Sermon for Sixth Sunday of Easter
|Text: John 15:12
“My commandment is this: love one another, just as I love you”.
What do you do when the final scene of a
movie fades on the screen and the credits begin to role?
Do you sit there and watch the long list of names and the roles they played in the production of the movie?
Do you get up and walk out if you are at the movie theatre or turn off the TV if you’re at home?
Or maybe it’s the music that is playing while the credits role that keeps you there and so you watch the names as they scroll across the screen?
For me sometimes it’s how the movie leaves me in its final scenes. If it’s been a moving climax, one that has been thought provoking, even shocking especially if it’s a true story then it just doesn’t seem right to get up straight away and walk away as if what you have just seen is of no consequence and so I sit there as the credits roll through, maybe taking them in and maybe not.
I wonder what people in the movie industry think when people get up immediately after a movie has finished and don’t bother to find out who are all the people involved in creating the film for our entertainment. I don’t know anyone in the movie industry so I can’t answer that one but the times that I have sat through the credits I have found out some amazing things about the people who did the stunts for the main characters, those who trained and cared for the animals and the location where the movie was shot and so on.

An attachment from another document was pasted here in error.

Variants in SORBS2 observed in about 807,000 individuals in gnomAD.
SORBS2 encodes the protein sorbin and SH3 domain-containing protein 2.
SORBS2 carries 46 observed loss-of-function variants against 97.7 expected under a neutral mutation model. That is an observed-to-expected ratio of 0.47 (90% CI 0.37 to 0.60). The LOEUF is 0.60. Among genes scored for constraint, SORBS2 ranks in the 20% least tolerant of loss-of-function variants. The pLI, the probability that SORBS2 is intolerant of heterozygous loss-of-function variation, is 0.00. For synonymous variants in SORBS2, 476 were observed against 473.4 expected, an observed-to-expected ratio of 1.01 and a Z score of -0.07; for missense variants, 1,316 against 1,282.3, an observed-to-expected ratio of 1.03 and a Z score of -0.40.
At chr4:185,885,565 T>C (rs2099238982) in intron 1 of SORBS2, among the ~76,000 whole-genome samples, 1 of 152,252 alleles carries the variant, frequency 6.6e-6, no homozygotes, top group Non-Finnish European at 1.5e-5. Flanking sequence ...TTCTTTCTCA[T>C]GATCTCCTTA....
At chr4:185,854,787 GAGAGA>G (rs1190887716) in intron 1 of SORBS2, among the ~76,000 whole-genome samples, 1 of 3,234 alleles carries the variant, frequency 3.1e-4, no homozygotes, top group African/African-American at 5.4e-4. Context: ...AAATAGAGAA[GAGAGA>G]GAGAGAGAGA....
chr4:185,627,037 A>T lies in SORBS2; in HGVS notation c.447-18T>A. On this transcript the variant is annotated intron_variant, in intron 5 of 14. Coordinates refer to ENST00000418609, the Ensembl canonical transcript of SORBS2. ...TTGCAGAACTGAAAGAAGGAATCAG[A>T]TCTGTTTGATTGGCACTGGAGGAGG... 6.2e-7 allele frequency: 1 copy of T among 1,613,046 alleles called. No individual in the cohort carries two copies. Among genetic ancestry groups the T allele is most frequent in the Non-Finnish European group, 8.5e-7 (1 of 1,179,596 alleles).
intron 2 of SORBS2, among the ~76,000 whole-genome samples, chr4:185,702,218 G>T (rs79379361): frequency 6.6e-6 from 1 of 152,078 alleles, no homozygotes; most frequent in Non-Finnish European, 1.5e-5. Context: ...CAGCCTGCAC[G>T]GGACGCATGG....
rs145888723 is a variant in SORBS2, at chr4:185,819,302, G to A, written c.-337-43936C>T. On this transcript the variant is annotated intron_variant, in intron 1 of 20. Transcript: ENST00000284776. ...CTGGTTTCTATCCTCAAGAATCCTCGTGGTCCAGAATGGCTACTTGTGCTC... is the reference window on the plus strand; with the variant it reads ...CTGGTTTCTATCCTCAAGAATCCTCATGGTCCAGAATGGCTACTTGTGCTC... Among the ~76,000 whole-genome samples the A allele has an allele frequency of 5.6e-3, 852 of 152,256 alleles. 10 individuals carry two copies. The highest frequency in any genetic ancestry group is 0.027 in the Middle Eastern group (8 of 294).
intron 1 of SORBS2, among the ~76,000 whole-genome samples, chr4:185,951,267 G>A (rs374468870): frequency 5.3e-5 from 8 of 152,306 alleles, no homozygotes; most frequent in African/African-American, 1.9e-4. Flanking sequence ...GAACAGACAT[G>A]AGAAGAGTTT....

Recently I watched the movie War Horse and the credits revealed the amount of fine detail that went into the battle scenes and costumes, the people who did the research, stunts, and trained the horses to deal with battle scenes which in real life would have traumatised and terrified the horses. For instance, a terrified and panicky horse is a dangerous animal to be near but to get a horse to look terrified and panicky without being a danger to anyone requires special skill. It’s no wonder that the horse master had a huge team of people working with him. That’s not to mention the hundreds involved in the technical side of making the film. Watching the credits as long as they were gave me a fresh appreciation of not just the actors but the people who don’t appear on the screen.
A cast of people working to create a story, your story, my story – that’s a great theme for today’s sermon on this Mothers’ Day. When we think about it there is a whole cast of people, some who are with us on centre stage, some working behind the scenes creating our story.